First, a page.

Just as light has darkness, yin has yang, Cheech has Chong, Quentin Tarantino has Samuel L. Jackson, Marvel movies have…clichés.
This isn’t, by any stretch, a bad thing. Movies sustain these clichés for one simple reason: because they work, and success is often borne from their use. Shang-Chi and the Legend of the Ten Rings, Marvel’s latest (and rather unconventional) film, is also an origin story for its titular hero, which further seems to limit its capacity for novel ideas.
Nearly every Marvel Cinematic Universe origin story, from Ant-Man to Black Panther and everywhere in between, has orbited the theme of family, mostly dysfunctional ones. As I mentioned, it’s a formula that works, but it’s gotten somewhat tiring over the years.
However, Shang-Chi manages to differentiate itself from the by-the-numbers origin stories by being a vastly different Marvel film from any we’ve seen before — no, not because of its story structure, that’s still very MCU — but because it has a predominantly Asian cast, and incorporates Chinese mythology, beliefs and ideas in a subtle and respectful way (even having a lot of its dialogue spoken in Mandarin, with subtitles for those who don’t speak it). In this way, it’s branching off into uncharted MCU territory, and it turns Shang-Chi into a movie that feels very separate from the MCU as a whole. This only makes me more excited for what it brings to the table, and the prospects it introduces for the future of this universe. A world with Norse gods, alien armies and fantastical technology was exciting enough, but Shang-Chi introduces more game-changing variables that have the potential to change the Marvel Cinematic Universe for good.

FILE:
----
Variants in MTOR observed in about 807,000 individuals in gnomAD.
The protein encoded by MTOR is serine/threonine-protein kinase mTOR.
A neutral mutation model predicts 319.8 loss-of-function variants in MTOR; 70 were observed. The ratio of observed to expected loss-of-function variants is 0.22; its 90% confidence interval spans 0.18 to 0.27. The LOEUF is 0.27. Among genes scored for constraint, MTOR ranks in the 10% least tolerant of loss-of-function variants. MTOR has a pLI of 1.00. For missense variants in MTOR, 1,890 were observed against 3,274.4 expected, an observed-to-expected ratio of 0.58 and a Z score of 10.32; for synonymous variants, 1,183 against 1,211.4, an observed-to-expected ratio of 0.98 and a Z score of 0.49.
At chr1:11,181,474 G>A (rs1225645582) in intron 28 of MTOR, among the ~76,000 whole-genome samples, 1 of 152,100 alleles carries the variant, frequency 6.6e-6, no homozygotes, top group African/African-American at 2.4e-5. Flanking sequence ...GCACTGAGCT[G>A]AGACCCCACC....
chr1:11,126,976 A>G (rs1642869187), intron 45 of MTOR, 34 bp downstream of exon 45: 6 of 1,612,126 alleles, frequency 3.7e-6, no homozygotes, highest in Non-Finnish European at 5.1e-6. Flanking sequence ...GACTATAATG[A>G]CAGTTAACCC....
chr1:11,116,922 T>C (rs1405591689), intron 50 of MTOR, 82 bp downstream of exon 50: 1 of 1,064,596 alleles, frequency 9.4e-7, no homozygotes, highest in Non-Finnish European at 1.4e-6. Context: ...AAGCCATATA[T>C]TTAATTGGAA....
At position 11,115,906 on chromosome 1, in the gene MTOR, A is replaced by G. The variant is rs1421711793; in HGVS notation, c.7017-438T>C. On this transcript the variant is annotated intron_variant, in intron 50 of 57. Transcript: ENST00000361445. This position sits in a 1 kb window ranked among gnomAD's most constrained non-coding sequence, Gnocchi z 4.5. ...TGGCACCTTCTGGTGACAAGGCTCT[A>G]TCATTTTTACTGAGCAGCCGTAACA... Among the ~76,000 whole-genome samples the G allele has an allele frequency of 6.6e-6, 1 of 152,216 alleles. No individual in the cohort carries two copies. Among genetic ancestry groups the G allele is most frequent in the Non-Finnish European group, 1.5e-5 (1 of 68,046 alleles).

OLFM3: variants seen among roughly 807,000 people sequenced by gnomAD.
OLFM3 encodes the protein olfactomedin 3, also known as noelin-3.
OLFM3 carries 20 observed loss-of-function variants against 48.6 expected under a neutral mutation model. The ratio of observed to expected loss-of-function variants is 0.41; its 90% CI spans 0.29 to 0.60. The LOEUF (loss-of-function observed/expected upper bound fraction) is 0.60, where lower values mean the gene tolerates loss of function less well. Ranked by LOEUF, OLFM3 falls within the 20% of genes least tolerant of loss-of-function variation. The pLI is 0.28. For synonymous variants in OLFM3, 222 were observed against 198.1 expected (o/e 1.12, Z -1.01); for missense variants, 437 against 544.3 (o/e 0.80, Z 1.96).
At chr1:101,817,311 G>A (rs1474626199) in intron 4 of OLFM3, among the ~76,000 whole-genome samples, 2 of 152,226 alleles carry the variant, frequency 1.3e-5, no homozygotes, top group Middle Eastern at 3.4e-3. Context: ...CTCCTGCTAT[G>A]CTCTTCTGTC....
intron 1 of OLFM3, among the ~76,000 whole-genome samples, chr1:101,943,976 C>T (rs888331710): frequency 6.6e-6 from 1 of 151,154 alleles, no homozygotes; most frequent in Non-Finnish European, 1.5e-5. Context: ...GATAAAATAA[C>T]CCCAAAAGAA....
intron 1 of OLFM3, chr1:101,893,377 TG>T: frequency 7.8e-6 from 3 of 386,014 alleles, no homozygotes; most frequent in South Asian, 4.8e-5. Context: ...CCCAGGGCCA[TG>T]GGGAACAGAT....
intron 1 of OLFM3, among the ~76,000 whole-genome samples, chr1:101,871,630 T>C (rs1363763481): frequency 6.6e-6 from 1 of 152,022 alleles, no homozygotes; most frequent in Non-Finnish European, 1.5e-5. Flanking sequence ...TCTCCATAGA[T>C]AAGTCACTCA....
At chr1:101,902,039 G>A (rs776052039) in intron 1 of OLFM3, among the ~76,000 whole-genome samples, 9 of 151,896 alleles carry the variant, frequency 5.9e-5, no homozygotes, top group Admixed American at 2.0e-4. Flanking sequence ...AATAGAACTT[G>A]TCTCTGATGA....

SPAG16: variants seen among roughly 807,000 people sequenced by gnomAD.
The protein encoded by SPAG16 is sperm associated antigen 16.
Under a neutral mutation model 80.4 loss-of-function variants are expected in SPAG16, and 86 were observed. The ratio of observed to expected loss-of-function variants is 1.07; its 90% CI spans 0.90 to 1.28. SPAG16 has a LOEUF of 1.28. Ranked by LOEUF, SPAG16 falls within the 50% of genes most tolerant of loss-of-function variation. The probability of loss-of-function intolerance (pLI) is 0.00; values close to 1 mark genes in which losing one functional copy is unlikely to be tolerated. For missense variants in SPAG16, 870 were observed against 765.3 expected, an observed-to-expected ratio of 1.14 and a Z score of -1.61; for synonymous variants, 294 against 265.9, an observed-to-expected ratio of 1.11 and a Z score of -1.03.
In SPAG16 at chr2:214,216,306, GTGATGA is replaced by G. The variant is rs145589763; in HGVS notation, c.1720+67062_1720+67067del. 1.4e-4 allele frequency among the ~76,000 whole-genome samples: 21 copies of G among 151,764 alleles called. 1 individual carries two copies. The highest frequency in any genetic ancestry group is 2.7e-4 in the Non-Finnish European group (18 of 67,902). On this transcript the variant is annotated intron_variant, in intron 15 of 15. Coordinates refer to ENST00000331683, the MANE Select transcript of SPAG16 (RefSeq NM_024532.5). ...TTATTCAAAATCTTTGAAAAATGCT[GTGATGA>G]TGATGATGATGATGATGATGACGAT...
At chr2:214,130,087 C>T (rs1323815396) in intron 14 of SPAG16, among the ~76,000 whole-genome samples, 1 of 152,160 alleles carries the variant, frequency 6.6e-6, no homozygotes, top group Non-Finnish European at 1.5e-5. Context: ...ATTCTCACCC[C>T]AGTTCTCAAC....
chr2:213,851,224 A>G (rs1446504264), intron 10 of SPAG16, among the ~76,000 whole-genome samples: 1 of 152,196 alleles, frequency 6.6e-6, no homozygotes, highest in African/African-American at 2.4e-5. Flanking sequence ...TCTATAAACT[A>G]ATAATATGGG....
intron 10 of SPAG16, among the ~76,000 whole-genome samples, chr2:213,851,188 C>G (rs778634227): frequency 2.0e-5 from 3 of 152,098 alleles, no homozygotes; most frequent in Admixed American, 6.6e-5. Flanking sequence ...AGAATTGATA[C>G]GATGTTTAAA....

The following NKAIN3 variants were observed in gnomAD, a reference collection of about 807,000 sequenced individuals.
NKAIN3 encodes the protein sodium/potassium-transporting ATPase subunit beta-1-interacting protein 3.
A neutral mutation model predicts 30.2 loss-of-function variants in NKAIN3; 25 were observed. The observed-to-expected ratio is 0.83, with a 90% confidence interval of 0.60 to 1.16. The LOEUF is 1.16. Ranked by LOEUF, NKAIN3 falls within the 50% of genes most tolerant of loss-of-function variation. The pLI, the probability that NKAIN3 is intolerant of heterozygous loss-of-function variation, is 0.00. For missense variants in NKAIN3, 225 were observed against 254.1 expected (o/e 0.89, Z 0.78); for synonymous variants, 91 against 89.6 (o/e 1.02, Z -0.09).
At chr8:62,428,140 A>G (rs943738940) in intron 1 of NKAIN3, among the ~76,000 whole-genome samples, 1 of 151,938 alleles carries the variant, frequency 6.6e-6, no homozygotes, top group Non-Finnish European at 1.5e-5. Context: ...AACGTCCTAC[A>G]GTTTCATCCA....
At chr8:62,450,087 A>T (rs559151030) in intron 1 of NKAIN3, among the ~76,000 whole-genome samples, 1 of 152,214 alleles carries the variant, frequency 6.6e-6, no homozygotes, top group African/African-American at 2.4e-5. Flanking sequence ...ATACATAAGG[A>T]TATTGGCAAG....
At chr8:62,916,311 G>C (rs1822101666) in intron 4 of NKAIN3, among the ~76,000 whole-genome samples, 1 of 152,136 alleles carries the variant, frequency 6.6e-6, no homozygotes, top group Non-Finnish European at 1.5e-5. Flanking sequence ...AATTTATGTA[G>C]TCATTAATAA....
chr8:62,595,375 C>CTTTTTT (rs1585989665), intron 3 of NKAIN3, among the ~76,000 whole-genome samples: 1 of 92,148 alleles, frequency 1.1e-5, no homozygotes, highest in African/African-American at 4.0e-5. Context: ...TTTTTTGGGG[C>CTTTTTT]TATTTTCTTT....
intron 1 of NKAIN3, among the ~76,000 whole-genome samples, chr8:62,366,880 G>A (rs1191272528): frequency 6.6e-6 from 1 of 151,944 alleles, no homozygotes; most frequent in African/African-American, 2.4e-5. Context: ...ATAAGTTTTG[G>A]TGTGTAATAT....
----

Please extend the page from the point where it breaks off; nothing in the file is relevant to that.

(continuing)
On the other hand, it’s a straightforward Marvel action film, with plenty of crowd-pleasing moments coupled with humor and intimate moments to allow us to know the characters on a deeper level. Simu Liu, who openly campaigned for the role of Shang-Chi on Twitter in 2018, stars as the son of the immortal warlord Wenwu (Tony Leung), the leader of the infamous organization known as the Ten Rings (named after the powerful weapons wielded by Wenwu).
Shang-Chi, known as Shaun in America, goes with his childhood friend Katy (Awkwafina, playing a somewhat restrained version of her typecast character) on a journey to China which ends in a rather disastrous family reunion.
|Wenwu (Tony Leung) and Shang-Chi (Simu Liu) battle with the Ten Rings.
Despite feeling disconnected from the larger MCU, Shang-Chi certainly doesn’t skimp on paying off set-up going back as far as 2008’s Iron Man, in which the Ten Rings first appeared. Not only does Shang-Chi bring the organization into a clearer light by giving it a face and identity, but it also gives us closure to Ben Kingsley’s role in Iron Man 3 —he portrayed Trevor Slattery, a cretinous actor who was duped into playing the Mandarin, a commercialized and public version of Wenwu, by a terrorist. Kingsley reappears in Shang-Chi in a minor but memorable role — and he’s certainly not the only returning Marvel cast member.
Shang-Chi is a decent Marvel movie, and an even better action movie — as MCU origin stories go, it’s one of the better ones. Here’s hoping we get more big-budget blockbusters in this same vein. As Simu Liu said himself: “We are not an experiment. We are the underdog; the underestimated. We are the ceiling-breakers. We are the celebration of culture and joy that will persevere.” After the year we’ve had, a lighthearted, game-changing blockbuster like Shang-Chi is exactly what we need. [Grade: A-]